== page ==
Land requirements for solar PV overestimated
New research refutes the common belief that meeting the world's energy demand using 100 percent renewable resources could take up a significant amount of land.
According to the World Wildlife Federation (WWF), less than 1 percent of total global land mass would be required to meet 100 percent of projected electricity demand by 2050 if such electricity was generated using only solar PV. If well-planned, PV technology will not conflict with conservation efforts, WWF contends.
"Research has found that PV power plants provide considerable environmental benefits, including a low carbon footprint and a short energy payback time," said Lettemieke Mulder, First Solar vice president for sustainability. "Replacing existing grid electricity with PV arrays significantly reduces greenhouse gas and heavy metal emissions as well water usage."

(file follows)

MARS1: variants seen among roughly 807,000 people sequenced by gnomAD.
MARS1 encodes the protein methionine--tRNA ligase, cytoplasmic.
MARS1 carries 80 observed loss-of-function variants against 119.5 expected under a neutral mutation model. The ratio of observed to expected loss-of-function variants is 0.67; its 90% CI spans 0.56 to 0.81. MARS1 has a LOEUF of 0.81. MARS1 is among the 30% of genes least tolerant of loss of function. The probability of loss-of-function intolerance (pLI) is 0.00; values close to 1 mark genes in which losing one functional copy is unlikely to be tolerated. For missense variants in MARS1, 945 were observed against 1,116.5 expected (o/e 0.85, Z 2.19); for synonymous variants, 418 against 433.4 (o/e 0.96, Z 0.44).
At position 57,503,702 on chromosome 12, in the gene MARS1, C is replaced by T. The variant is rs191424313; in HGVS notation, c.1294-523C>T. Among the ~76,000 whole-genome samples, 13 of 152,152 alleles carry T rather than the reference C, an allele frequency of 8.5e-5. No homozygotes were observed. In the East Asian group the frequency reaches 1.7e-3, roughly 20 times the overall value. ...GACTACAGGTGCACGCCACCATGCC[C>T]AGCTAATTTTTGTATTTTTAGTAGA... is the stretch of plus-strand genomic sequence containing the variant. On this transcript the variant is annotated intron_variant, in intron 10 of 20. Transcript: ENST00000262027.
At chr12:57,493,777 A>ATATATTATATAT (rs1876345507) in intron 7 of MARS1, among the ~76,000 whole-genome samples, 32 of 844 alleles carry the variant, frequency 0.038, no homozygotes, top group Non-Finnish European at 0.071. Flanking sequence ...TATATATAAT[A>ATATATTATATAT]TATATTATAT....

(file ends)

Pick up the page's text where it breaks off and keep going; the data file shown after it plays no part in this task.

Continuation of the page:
The research was developed by WWF in conjunction with First Solar, 3TIER and Fresh Generation and identifies Indonesia, Madagascar, Mexico, Morocco, South Africa, Turkey and the Indian state of Madhya Pradesh as regions that represent diverse geographies, demographics, natural environments, economies and political structures. These areas receive average levels of sunshine, but all show vast potential for widespread development of solar PV, according to WWF.
"As climate change increasingly threatens people and the natural world, it is more important than ever to work for the rapid and wide-scale adoption of well sited, responsibly operated renewable energy power facilities," said Samantha Smith, leader of the WWF's Global Climate & Energy Initiative.
- see the report